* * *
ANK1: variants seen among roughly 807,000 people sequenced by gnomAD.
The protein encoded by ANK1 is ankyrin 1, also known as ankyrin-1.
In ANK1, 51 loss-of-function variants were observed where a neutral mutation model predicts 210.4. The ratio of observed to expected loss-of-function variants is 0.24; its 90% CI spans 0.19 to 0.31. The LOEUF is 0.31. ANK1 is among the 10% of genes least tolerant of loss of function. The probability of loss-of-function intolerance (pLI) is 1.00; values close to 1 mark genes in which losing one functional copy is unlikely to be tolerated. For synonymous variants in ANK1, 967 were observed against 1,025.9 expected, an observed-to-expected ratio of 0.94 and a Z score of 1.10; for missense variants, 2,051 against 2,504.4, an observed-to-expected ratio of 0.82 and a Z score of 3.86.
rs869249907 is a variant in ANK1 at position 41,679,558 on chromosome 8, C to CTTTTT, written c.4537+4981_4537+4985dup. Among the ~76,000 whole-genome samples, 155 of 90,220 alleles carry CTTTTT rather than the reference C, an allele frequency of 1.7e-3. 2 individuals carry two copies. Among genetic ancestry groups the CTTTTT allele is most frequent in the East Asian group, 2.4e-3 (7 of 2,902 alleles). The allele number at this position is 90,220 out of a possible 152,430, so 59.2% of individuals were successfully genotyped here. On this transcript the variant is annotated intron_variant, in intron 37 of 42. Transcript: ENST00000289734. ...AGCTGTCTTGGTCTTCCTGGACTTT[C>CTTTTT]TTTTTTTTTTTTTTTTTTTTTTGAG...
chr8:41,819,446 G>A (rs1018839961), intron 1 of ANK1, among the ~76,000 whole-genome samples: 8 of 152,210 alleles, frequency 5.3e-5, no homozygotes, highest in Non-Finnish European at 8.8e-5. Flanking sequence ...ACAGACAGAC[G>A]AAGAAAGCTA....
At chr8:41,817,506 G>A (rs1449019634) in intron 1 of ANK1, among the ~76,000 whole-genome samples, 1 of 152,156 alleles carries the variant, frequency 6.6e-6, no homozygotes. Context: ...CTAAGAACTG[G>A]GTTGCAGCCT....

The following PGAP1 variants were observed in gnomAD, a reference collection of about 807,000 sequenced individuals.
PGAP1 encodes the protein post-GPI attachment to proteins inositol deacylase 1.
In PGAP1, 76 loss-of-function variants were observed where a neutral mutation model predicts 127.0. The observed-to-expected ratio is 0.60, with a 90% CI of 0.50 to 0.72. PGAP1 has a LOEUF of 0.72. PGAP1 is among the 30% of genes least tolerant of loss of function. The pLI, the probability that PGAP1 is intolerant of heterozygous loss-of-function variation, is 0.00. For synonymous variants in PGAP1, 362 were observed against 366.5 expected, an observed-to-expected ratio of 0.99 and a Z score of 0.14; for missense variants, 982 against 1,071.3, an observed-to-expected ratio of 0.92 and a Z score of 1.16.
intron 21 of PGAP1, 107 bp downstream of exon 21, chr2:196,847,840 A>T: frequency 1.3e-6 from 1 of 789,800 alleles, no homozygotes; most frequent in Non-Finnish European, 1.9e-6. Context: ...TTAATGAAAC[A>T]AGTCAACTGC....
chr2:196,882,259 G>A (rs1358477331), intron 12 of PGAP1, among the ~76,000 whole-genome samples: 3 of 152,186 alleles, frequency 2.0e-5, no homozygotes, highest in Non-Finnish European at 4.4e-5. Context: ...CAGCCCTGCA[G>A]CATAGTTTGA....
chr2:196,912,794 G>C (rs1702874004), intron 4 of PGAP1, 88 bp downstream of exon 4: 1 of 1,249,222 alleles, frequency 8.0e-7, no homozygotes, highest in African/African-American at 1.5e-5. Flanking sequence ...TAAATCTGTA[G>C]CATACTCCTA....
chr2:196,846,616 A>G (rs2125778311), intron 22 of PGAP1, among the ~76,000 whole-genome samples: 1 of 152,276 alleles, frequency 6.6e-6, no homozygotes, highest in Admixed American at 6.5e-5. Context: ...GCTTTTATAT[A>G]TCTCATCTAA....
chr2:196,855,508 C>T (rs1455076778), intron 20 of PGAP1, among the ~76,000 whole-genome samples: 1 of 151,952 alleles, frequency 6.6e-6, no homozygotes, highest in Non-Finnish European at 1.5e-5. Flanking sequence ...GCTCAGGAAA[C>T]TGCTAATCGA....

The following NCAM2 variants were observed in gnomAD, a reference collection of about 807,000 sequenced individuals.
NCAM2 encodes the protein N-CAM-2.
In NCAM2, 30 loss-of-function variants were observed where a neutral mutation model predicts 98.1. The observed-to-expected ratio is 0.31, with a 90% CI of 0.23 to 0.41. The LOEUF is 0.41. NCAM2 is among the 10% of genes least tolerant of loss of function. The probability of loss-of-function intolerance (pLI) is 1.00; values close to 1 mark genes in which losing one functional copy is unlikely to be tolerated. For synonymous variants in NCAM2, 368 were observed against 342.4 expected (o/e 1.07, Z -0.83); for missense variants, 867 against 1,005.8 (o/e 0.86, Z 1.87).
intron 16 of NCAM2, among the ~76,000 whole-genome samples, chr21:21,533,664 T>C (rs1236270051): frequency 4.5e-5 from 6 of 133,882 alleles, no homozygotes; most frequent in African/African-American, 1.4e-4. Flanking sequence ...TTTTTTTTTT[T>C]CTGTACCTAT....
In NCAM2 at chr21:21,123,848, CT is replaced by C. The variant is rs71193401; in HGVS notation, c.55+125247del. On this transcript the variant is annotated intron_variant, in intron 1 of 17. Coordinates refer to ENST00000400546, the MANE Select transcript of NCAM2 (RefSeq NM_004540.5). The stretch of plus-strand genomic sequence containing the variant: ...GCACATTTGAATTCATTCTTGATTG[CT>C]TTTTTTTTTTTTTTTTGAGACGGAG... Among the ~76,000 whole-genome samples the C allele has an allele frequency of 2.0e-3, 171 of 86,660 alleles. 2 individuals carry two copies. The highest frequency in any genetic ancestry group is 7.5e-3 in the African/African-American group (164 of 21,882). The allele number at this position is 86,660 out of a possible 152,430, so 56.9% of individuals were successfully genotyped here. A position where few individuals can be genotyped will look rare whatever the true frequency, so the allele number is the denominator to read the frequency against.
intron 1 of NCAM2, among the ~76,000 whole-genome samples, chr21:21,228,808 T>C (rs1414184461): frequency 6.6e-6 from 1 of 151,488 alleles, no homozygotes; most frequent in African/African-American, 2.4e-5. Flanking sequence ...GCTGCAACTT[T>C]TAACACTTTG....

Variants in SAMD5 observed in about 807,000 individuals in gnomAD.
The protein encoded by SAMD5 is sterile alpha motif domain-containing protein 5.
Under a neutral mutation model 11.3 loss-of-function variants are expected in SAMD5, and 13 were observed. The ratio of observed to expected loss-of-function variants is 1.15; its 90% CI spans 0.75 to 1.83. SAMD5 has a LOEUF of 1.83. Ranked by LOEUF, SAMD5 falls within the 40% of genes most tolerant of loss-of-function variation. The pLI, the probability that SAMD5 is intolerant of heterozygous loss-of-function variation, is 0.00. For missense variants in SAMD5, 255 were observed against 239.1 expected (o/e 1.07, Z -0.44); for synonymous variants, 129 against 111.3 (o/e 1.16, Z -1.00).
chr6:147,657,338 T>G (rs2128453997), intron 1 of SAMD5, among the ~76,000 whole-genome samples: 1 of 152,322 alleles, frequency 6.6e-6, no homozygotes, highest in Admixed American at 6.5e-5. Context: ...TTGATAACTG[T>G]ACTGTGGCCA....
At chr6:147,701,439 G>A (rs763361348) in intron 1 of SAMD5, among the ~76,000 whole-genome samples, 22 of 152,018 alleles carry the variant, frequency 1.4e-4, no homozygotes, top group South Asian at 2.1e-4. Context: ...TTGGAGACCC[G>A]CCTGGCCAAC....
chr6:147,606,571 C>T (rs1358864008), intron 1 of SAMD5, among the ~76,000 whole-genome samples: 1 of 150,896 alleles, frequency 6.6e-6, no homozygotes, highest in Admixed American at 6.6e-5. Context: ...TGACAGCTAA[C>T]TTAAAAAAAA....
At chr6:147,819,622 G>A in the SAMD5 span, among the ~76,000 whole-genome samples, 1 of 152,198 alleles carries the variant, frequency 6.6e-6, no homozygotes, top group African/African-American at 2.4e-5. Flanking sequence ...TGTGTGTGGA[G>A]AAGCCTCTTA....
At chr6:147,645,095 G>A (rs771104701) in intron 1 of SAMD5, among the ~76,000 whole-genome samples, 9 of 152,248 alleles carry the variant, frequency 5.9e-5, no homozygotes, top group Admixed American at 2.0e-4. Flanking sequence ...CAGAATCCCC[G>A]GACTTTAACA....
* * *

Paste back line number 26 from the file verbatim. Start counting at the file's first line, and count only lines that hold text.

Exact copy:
chr6:147,606,571 C>T (rs1358864008), intron 1 of SAMD5, among the ~76,000 whole-genome samples: 1 of 150,896 alleles, frequency 6.6e-6, no homozygotes, highest in Admixed American at 6.6e-5. Context: ...TGACAGCTAA[C>T]TTAAAAAAAA....